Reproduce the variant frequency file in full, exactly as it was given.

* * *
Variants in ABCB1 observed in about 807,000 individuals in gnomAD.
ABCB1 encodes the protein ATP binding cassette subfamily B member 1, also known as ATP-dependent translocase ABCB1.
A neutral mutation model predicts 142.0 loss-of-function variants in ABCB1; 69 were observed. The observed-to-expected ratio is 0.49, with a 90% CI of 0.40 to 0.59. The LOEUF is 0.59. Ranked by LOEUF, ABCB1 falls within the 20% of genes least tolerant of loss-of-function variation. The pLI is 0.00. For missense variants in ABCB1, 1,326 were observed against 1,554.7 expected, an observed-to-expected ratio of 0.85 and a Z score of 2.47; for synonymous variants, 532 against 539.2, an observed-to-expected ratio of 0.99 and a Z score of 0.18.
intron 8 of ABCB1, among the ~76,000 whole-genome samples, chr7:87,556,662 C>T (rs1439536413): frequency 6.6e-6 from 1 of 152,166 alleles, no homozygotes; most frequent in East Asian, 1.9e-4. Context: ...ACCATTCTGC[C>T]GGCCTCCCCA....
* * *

Variants in ABCB1 observed in about 807,000 individuals in gnomAD.
ABCB1 encodes the protein ATP binding cassette subfamily B member 1, also known as ATP-dependent translocase ABCB1.
A neutral mutation model predicts 142.0 loss-of-function variants in ABCB1; 69 were observed. The observed-to-expected ratio is 0.49, with a 90% CI of 0.40 to 0.59. The LOEUF is 0.59. Ranked by LOEUF, ABCB1 falls within the 20% of genes least tolerant of loss-of-function variation. The pLI is 0.00. For missense variants in ABCB1, 1,326 were observed against 1,554.7 expected, an observed-to-expected ratio of 0.85 and a Z score of 2.47; for synonymous variants, 532 against 539.2, an observed-to-expected ratio of 0.99 and a Z score of 0.18.
intron 8 of ABCB1, among the ~76,000 whole-genome samples, chr7:87,556,662 C>T (rs1439536413): frequency 6.6e-6 from 1 of 152,166 alleles, no homozygotes; most frequent in East Asian, 1.9e-4. Context: ...ACCATTCTGC[C>T]GGCCTCCCCA....